1978     The great American Mario Andretti aboard the pioneer of ground effects, the Lotus 79 Cosworth. This was yet another race in 1978 that fell to Lotus and the ability of Mario Andretti and Ronnie Peterson. Peterson would be second, making a very happy day for Colin Chapman and the team.

1979     A 1.5 litre engine, powered by an example of marine engine technology that was only allowed because a loophole designed for use in 1966 was never closed, win a GP? It would take ten years and a change in engine regulations before turbocharged cars stopped winning in Formula One but this was the first as Jean-Pierre Jabouille and the Renault RS10 won at Dijon-Prenois. Not far behind folklore was being spun as Gilles Villeneuve (Ferrari 312T4) and Rene Arnoux (Renault RS10) staged one of Formula One's most desparate battles. After bashing wheels many times Villeneuve claimed secoond.


The great Brazilian, Nelson Piquet, ponders which way his Brabham BT52 BMW should be pointed as Manfred Winkelhock in the ATS D6 BMW powers past. Piquet would go on to finish second behind Alain Prost's Renault, while Winkelhock had an engine failure after 36 laps.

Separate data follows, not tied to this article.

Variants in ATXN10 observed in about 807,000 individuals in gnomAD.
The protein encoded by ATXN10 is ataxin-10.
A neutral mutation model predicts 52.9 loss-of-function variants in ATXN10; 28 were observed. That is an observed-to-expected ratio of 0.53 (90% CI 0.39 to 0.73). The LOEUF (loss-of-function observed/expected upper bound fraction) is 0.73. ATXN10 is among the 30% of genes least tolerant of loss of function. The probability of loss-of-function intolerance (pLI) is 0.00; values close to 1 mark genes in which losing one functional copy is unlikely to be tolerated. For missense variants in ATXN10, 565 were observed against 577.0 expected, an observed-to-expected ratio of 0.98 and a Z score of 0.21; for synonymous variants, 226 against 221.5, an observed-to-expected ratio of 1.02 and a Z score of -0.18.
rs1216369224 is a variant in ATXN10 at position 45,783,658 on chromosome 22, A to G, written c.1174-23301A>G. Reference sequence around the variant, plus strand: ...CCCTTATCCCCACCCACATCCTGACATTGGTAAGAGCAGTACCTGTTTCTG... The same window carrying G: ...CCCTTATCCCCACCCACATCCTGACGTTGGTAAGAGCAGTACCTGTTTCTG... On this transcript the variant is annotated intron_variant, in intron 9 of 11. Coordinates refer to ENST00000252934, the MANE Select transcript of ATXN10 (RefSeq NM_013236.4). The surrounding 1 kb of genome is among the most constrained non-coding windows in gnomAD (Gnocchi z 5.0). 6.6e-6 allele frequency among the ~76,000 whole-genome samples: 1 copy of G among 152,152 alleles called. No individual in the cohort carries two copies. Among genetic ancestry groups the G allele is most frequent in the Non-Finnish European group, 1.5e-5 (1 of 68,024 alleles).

Paul Ricard has always been a power circuit, with the long Mistral Straight and the high speed Signes Corner. In 1987 Honda was power. Here the two Williams FW11B Hondas of Nigel Mansell and Nelson Piquet, pursued by the McLaren MP4/3 TAG Porsche of Alain Prost negotiate the wiggles which cut the Paul Ricard circuit in half. This was done in 1986 to slow speeds after Elio de Angelis was killed in testing in his Brabham BT56. Mansell and Piquet would score a 1-2 for Williams this day with Prost the only other car to finish on the same lap.

1989     This very spectacular accident started when Mauricio Gugelmin (March CG891 Judd) locked a brake, breaking to enter the Verrerie section that connectes the La Bretelle and Mistral Straights. Gugelmin then clipped another car, rode up and rolled, damaging several other cars as he went. No-one was injured. He wasn't the only driver to make a big impression on the field. In his first race, substitute Tyrrell driver Jean Alesi scored a magnificent fourth place. A world champion of the future?